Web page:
Like the signature at the bottom of a letter, your email signature tells the reader who is sending the e-mail. By consistently using your email signature, you visually connect your unit with the university in online communications, enhancing the reach and the impact of your messaging.
Standard Email Signature
For general correspondence relating to UCLA, particularly in communications material, the Standard Email Signature should be used. The only exceptions are the Chancellor’s Executive Communications, and communications relating to the Centennial Campaign for UCLA.
If you want to include the UCLA logo in the signature, use the “boxed” version because it has greater visual weight than the basic logo.
The UCLA boxed logotype is not always present in e-mail signatures, depending upon the unit. In your e-mail communications, such as to prospective students, you can simply include a digital representation of the sender’s signature along with a print version of his or her name and the title, as shown here.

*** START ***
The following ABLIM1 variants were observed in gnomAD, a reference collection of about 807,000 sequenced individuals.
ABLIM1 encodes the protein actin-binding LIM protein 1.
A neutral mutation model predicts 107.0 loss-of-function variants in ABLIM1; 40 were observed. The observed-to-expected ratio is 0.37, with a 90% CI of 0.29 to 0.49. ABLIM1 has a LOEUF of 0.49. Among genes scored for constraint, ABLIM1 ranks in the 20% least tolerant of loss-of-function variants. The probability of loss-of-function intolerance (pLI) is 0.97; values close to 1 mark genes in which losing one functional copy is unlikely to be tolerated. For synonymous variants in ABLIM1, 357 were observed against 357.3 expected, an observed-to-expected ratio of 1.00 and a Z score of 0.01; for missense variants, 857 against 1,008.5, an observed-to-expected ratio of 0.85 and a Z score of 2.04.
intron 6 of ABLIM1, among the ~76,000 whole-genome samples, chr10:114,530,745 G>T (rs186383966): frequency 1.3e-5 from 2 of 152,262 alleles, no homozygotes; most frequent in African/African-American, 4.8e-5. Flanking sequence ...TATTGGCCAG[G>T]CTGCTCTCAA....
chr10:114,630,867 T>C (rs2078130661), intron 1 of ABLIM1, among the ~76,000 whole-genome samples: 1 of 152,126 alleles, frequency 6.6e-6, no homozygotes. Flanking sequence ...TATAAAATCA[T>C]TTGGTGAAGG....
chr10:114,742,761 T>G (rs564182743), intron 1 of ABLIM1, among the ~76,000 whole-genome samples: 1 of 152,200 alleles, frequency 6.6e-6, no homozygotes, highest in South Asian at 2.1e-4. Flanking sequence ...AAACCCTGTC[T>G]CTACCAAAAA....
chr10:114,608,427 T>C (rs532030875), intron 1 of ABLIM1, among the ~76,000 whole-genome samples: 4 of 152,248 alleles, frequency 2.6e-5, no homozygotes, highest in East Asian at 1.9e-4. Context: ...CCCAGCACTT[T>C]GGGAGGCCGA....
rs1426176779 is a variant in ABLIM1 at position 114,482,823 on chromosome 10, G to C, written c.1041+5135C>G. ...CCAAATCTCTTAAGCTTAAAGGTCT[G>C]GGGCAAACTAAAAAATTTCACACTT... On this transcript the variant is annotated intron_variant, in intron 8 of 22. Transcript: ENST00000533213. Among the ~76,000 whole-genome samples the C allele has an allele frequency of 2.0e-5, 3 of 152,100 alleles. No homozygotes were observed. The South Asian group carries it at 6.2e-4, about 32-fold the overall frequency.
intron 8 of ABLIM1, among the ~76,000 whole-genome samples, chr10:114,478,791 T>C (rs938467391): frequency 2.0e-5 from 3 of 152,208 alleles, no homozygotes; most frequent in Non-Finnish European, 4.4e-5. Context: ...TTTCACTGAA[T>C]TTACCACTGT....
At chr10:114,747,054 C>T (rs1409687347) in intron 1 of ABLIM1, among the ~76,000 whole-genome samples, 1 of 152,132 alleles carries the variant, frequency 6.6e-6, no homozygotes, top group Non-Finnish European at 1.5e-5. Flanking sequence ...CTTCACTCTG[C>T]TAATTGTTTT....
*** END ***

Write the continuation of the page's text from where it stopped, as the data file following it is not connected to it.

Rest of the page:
The Centennial Campaign For UCLA Email Signature
For Development Communications specifically, email signatures can be generated using the Campaign’s email signature tool, which can be found at http://emailsignature.support.ucla.edu/. Features of the tool include:
Email signatures are typed in Verdana. The sender’s name is in 10-point, all caps, bold italic treatment, and the rest of the type is in 8-point font.
- Signatures can be created and added to PC users’ Outlook automatically and instantly.
- Signatures can be revised and regenerated at any time.
- Signatures are immune to personal modifications (upon login, they are reset to the original standard format).
- Future signature updates can be pushed out globally and effortlessly.